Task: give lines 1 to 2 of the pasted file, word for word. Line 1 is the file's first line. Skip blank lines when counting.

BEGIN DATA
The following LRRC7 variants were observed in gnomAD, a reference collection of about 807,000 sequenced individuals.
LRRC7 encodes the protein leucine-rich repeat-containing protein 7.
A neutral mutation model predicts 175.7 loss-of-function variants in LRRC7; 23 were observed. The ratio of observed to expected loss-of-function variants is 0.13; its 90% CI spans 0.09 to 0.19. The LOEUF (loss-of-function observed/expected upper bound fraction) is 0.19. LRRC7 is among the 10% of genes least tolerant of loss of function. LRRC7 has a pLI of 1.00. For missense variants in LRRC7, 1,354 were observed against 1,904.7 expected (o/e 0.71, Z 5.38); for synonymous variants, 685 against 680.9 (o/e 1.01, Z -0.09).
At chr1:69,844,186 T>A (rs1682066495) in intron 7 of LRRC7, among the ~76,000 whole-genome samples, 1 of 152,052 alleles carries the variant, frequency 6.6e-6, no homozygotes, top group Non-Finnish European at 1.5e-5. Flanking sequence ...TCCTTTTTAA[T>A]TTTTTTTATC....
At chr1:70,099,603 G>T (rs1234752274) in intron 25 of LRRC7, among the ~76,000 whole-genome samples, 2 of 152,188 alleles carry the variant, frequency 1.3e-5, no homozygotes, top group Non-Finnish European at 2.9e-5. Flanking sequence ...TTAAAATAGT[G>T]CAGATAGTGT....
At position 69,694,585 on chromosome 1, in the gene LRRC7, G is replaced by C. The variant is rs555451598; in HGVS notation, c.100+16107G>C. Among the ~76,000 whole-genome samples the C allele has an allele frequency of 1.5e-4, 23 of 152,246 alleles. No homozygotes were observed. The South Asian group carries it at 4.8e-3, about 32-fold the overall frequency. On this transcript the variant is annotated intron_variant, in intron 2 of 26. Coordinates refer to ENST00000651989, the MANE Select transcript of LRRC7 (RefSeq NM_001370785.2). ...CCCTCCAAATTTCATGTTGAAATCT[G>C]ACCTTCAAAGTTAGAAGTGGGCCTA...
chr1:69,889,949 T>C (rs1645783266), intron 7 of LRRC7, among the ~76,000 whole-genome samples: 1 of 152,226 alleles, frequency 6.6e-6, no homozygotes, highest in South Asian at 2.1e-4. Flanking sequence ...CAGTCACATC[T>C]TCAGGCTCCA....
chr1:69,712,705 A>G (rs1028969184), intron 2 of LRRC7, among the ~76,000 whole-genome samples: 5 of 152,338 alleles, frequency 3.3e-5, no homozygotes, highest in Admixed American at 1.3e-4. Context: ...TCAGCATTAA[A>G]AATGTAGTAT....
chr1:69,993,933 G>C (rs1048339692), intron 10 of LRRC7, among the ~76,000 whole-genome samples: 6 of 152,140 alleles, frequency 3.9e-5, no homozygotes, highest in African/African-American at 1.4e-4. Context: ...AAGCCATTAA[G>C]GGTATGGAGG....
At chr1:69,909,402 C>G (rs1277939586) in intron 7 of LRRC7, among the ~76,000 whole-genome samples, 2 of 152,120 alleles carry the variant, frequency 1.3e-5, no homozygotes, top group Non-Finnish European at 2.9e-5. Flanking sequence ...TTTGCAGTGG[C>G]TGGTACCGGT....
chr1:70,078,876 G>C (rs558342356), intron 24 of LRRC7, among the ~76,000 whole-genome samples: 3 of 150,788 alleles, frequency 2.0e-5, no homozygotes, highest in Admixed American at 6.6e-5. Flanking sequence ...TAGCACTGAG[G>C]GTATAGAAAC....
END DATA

The following LRRC7 variants were observed in gnomAD, a reference collection of about 807,000 sequenced individuals.
LRRC7 encodes the protein leucine-rich repeat-containing protein 7.